US President Barack Obama has ended his three-day visit to the Middle East by touring the ancient stone city of Petra.

The US president was accompanied at the Unesco world heritage site by a University of Jordan tourism professor. Obama admired the architectural features and 2,000 year-old buildings carved into the sandstone cliffs.

All other tourists were barred from the site for the president's visit, while guards with assault weapons scoured the area for snipers and suicide bombers.

Dressed casually in khaki trousers, a dark jacket and wearing sunglasses, Obama said: "This is pretty spectacular. It's amazing," while he looked up at the Treasury, a towering rose-red façade cut into a cliff. The spectacular location featured in the film Indiana Jones and the Last Crusade.

Jordan's King Abdullah was at Amman airport on Saturday 23 March to bid goodbye to Obama, who was heading back to Washington.

A highlight of the visit came when Israeli Prime Minister Benjamin Netanyahu apologised to Turkey for "any errors that could have led to loss of life" during the 2010 commando raid on an aid flotilla that tried to breach the Gaza blockade.

He also agreed to compensate the families of the nine Turkish activists who were killed.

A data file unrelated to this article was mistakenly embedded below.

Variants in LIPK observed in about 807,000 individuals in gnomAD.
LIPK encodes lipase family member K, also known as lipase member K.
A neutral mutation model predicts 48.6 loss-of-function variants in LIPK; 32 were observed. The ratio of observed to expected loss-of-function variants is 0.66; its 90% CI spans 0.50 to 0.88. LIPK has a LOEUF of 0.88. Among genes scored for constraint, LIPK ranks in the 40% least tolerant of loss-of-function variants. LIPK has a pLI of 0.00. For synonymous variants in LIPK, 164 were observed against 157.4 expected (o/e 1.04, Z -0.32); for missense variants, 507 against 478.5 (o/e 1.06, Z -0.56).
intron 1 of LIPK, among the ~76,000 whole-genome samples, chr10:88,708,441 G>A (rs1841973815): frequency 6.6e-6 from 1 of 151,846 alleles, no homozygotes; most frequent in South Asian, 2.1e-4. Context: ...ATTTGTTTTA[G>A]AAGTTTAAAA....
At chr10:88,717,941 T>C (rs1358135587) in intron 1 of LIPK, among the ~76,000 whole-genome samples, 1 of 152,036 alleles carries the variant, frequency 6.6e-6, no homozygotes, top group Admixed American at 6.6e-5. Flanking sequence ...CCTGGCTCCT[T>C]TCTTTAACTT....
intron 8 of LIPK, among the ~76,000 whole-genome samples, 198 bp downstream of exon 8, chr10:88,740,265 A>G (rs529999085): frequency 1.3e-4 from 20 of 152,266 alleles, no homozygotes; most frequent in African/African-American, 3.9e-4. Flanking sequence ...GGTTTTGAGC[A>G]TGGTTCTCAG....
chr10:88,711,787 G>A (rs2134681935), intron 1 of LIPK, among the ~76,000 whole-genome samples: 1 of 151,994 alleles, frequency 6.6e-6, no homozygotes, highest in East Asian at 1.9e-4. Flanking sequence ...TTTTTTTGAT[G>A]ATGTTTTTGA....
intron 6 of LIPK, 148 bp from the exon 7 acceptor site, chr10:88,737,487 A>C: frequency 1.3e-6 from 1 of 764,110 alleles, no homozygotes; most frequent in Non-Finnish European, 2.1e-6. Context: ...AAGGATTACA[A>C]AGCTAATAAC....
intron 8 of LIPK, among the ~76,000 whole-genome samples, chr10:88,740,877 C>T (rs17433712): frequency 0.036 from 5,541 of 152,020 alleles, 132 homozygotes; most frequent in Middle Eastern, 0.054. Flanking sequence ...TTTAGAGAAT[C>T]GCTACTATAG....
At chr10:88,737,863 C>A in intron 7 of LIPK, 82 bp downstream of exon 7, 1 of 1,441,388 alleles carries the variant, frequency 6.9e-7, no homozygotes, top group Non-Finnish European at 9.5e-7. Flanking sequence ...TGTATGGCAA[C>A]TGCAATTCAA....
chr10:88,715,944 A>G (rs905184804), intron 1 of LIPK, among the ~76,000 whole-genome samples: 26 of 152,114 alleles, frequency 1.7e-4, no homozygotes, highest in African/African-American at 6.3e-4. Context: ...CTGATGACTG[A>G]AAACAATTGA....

Turkish Prime Minister Recep Tayyip Erdogan's office told BBC News he had accepted the apology, "in the name of the Turkish people".

Middle East experts say his four-day visit has yielded mixed results.

He brokered an Israeli rapprochement with Turkey but there was little progress on the Palestinian issue.

The BBC's North America editor, Mark Mardell, says the American leader's clear warmth towards Israel comes at a price, and many in the Arab world will feel let down. "Neither cynics nor partisans fully understand the magnitude of Mr Obama's ambition - nor the length of his game," he said.

Palestinians found Obama's visit to Palestine and Israel "disappointing", according to

When meeting Palestinian President Mahmoud Abbas, Obama said that the United States was "deeply committed" to the creation of an "independent, sovereign state of Palestine". He told Abbas that Israeli building activity in the colonies was not "constructive or appropriate for peace".

There were concerns that his rhetoric would remain just that - and not translate into any concrete plans.

"Obama was not prepared to offer the Palestinians anything remotely upsetting to the Israeli Right and, instead, restricted his comments to lofty narratives about the future, and the importance of economic exchanges to achieve coexistence: the mirror image of Netanyahu's 'economic peace', albeit between occupied and occupier," said Marwan Bishara, senior political analyst at Al Jazeera.